But of course, the preludes are not etudes. These preludes are essentially different from etudes, even the etudes of Chopin himself that require as much technical skill as musical ability. The purpose of these preludes was purely to express feeling, and the technique is merely a tool used to do so. The notes are in groups of two, and the slurs are intended to be played very broken. This establishes a feeling of tearing or breaking. It is indeed a struggle; at times, the hands even seem to struggle with each other. The right hand, however, clearly establishes dominance, as near the end of the piece the left hand is quiet, then fades out altogether for several measures. The struggle seems to die down momentarily, but the listener is surprised by the two powerful chords that serve as the conclusion.

Hans von Bülow’s nickname, “Duel”, embodies this interpretation of a “struggle”. Cortot’s nickname is quite different: his “Chevauchée dans la nuit” translates to “A ride in the night”. This is presumably on a horse, as the heavily broken phrasing combined with the left hand is highly reminiscent of a gallop. The atmosphere of “night” is established by the dark nature of the piece itself.

Prelude Op. 28 No. 13 F# major (Loss)

A wistful, tender, and somewhat melancholy piece, this is one of the longer and more melodic preludes. Technically, only the left hand poses a challenge at all, and this challenge is more in the way of learning the notes than in playing them correctly, as the latter is not too difficult once the notes are actually learned.

I have mentioned, however, that some of the preludes could be etudes. But this etude sounds so gentle, so slow, and so calm that this observation applied here is counterintuitive. No matter how counterintuitive, it is still true. This is not a test of great technical feats. Rather, it is an exercise in touch. No matter how correct the notes are, this prelude will sound vapid and uninteresting without a certain quality of touch. There is both a practical and musical purpose to this. Without the proper touch, the left hand – which carries the entire inner melody – will overpower the right hand, and the piece falls apart. Furthermore, even if this does not happen, a delicate touch is required to prevent the piece from becoming excessively loud. This prelude should gently resonate rather than project.

Bülow nicknamed this prelude “Loss”. This is an interesting name for the gentle – though, granted, melancholy – piece. Cortot has a much longer name: “Sur le sol étranger, par une nuit étoilée, et en pensant à la bien-aimée lointaine”. Translating to, “On the foreign soil, under a night of stars, and thinking of my beloved faraway”, this title captures more effectively the piece’s calmer and gentle nature.

Prelude Op. 28 No. 14 Eb minor (Fear)

Perhaps Schumann’s comment, “I would term the preludes strange” applies to this one in particular. In both structure and style, it is reminiscent of the last movement of the Piano Sonata No. 2, a movement that, although lasting only one and a half minutes, has thoroughly perplexed fans. That movement is most distinctly un-Chopin-esque; it features triplets running incessantly throughout the entire piece with no accompaniment – the right and left hands play the same things separated by an octave – and a rather vague melody. This prelude is just as difficult and bizarre as that movement, even though only half the length.

Although they are not the same piece, the prelude and the last movement are similar in several ways. Firstly, they both use the same triplet pattern of notes, with only some notes in the group of three emphasized. The prelude is somewhat more free-form, in that there is no fixed pattern to what notes are emphasized when. The important difference here is that this was written manner was most effective and made it work, with no concern for traditional structure. As for another similarity, the moods of the two are quite close. Both are morose, somewhat bitter, even edging on sarcastic. It is perhaps reminiscent of a brief but dramatic rainstorm. However, nearly all of Chopin’s music defies such simplistic interpretations. The author cannot get into a complete discussion of the piece without taking up much more room than is already being used, since it is as big an enigma and quite as puzzling as the last movement of the sonata.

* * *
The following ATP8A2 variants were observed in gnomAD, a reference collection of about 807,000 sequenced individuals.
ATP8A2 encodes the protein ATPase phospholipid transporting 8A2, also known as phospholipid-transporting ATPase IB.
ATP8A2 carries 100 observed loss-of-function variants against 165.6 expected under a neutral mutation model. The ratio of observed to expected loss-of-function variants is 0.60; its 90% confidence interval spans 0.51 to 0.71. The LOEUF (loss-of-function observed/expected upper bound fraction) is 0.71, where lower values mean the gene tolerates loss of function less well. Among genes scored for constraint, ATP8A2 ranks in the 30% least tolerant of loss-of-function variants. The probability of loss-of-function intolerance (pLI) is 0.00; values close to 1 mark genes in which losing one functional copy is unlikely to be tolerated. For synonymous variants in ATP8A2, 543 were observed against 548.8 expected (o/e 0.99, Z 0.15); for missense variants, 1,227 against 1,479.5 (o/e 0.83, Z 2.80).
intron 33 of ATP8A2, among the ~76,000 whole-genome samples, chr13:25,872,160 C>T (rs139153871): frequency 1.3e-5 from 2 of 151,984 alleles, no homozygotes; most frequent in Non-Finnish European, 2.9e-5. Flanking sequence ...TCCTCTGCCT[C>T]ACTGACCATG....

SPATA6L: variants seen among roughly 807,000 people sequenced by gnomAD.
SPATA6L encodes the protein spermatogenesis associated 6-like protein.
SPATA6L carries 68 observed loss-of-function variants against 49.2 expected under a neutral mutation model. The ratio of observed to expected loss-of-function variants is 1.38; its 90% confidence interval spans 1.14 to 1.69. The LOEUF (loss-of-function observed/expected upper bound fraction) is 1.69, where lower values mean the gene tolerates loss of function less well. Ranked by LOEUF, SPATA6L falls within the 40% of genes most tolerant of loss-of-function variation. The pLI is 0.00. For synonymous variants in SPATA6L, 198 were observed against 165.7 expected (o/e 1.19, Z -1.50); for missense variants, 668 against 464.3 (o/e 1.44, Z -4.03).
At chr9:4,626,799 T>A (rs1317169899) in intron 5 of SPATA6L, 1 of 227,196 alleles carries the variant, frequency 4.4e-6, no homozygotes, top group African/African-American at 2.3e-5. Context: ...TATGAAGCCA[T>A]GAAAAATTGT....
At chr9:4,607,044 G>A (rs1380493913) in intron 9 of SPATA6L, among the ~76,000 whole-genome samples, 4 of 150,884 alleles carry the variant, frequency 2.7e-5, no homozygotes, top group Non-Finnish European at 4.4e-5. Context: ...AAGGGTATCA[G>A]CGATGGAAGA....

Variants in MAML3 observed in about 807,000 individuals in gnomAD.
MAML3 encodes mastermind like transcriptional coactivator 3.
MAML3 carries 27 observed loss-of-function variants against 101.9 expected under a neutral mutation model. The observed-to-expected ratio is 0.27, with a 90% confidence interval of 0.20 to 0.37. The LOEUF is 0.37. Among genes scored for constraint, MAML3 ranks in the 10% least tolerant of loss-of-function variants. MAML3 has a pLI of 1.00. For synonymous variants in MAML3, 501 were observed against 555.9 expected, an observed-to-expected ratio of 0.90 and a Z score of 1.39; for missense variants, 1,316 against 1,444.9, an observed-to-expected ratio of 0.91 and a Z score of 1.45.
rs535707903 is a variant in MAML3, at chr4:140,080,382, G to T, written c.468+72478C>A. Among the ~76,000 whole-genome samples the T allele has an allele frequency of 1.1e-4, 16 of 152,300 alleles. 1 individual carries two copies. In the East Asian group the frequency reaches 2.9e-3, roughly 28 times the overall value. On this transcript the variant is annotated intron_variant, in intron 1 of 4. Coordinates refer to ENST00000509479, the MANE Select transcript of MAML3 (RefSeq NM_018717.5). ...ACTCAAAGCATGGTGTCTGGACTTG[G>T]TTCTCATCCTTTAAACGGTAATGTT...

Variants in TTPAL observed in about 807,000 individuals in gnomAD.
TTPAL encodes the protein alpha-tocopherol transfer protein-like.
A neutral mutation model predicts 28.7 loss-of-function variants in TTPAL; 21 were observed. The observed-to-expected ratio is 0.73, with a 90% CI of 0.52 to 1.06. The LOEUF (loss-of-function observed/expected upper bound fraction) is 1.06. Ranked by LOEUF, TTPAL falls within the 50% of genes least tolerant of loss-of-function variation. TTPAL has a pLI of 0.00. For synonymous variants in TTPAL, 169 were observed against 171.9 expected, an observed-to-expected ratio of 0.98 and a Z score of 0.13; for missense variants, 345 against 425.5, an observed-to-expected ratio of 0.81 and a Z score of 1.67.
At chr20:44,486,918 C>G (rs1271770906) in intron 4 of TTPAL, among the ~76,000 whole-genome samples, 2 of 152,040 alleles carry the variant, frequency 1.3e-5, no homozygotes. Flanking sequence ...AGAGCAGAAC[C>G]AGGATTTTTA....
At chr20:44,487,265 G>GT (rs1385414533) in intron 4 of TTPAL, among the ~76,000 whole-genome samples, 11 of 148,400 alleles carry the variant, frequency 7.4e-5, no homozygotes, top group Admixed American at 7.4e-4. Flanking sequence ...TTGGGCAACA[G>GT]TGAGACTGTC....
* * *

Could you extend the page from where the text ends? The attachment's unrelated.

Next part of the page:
Bülow’s apt nickname for this piece is “Fear”. This is one possible interpretation of what the piece might represent, though there are definite arguments against it, such as the tone which verges on sarcastic and biting; someone fearful is not generally sarcastic at the same time. Cortot’s nickname “Mer orageuse” translates to “The stormy sea”. This is a very programmatic interpretation of the piece. The sheet music literally resembles a stormy sea, as the notes in the triplets fluctuate up and down unpredictably. Hearing the piece itself could definitely also evoke images of a stormy sea, as the piece is every bit as unpredictable as the sheet music makes it look.

Prelude Op. 28 No. 15 Db major (Raindrop)

It is indisputable that this, the Raindrop prelude, is certainly the most well-recognized prelude of the set; many who have never heard of Chopin nevertheless recognize the melody. It is also perhaps the epitome of contrast in the set of preludes. The other twenty-three do not have (m)any internal contrasts; they contrast with other preludes of the set to create interesting musical effects. However, this prelude exhibits an enormous internal contrast. The main theme in D-flat major is soft, gentle, and almost ephemeral; however, the middle section in C-sharp minor has a dark, heavy, and dramatic theme that climaxes twice and proceeds to dramatic harmonies. This enormous contrast distinguishes it musically from the other preludes. The prelude is only of modest technical difficulty; the main problem is the repeated A-flat (G-sharp in the middle section) note that demands special attention. It must be played convincingly, but at the same time, it must not be allowed to overpower the melody.